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Good Opportunity? Or Great Waste of Time?

When is it ok to offer your creative services free in exchange for exposure. When does what you thought was a good opportunity become a great waste of time?


Hi Friends, good news! There are plenty of instances where it's appropriate to use your creative superpowers for free. That’s right, you heard me, F-R-E-E, free. But here’s the caveat, if you’re going to do free work I think it should actually be for free! Do it only with the aim of getting that warm fuzzy feeling that comes from doing something out of the goodness of your heart.



"Say what...?" you say. Hear me out, friends. I want to encourage you to support the causes you feel passionate about! If you want to make cookies for a bake sale to benefit your kid's school, then by all means do it. Do it because you want to support your son and not for the exposure you may or may not get. Maybe you want to donate your photography to a charitable gala you feel strongly about supporting…do it for that reason and not what future business or "exposure” you might attract. Perhaps you want to donate your hand-made jewelry to an organization that assists at-risk women in finding jobs that can help them support their families…yes, do that! And do it from the goodness of your heart and not from the potential business it could yield.


Creatives are often approached to offer services free-of-charge or heavily discounted in exchange for exposure. It usually goes something like this… “We don’t have any money left in the budget to pay you but this will be a great opportunity for a lot of people to see your work!" Let me ask you a question; Is this the way you want to build your career? Is this a pattern you want to start or set?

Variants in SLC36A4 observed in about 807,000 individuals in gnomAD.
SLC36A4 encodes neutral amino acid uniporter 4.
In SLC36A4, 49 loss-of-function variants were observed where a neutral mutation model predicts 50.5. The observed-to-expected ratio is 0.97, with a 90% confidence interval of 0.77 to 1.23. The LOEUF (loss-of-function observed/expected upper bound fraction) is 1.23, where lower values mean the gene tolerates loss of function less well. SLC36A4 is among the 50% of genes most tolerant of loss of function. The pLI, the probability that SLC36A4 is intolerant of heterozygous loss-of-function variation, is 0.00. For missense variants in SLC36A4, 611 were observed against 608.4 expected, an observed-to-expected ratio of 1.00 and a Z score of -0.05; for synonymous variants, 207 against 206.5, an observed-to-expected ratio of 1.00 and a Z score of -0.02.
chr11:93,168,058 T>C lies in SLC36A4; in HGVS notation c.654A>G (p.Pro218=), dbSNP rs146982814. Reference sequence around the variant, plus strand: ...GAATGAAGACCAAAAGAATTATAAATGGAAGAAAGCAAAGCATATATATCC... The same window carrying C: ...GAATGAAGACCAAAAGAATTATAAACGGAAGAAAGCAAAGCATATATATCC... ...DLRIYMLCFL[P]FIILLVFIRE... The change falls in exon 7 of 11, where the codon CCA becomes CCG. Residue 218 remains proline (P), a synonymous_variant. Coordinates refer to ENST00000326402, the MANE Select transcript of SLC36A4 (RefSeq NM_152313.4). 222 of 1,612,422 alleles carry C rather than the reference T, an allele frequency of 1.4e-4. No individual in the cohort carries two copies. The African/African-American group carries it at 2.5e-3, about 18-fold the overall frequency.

I’m here to remind you that opportunity alone does not pay bills. Exposure won’t offset the cost of the materials you’ll use. Prestige can’t be exchanged for your time invested.


When you provide your work deeply discounted in exchange for exposure, remember that you are taking an enormous risk that very often will not yield the payoff you hope for. If you’re doing work free-of-charge, well you’re the only one taking risk! It’s difficult to guarantee that unpaid work will lead to paid work, and unpaid work for creative industries can be damaging. It sets a tone that just because we run businesses that may have started from a hobby that our work isn’t real work. It sets a tone that just because we may enjoy our work more than most that our time isn’t as valuable as someone grinding it out for a bi-weekly paycheck. Many of us are prone to self doubt and insecurity. In turn, we question the value of what we have to offer.


You must value your work before others will. If you don’t value your time, your craftsmanship, and your labor, no one else will.


Bartering is an entirely different ball game. I bartered cookies and private classes for professional photos from a friend. It was a win/win and we both knew what we would be getting from our exchange.

Exchanging your work for exposure is risky business. It’s complicated with things like cold traffic, warm traffic and sales funnels. You must not only be aware of cut and dry social media numbers, but also traffic stats and engagement rates. Plus, we haven’t even touched on the fact that it may or may not be your target audience (people who might actually be future customers) !


In short, if you want to support a fellow business, charity or cause, do it and don’t expect anything in return. If someone dangles the elusive “exposure” carrot in front of you, take a hard pass. Be kind, gentle and direct in your response. You don’t owe anyone an explanation as to why this isn't the best fit for your business model.


Start how you mean to go on. Own your worth. Be generous.




xoxo-Jill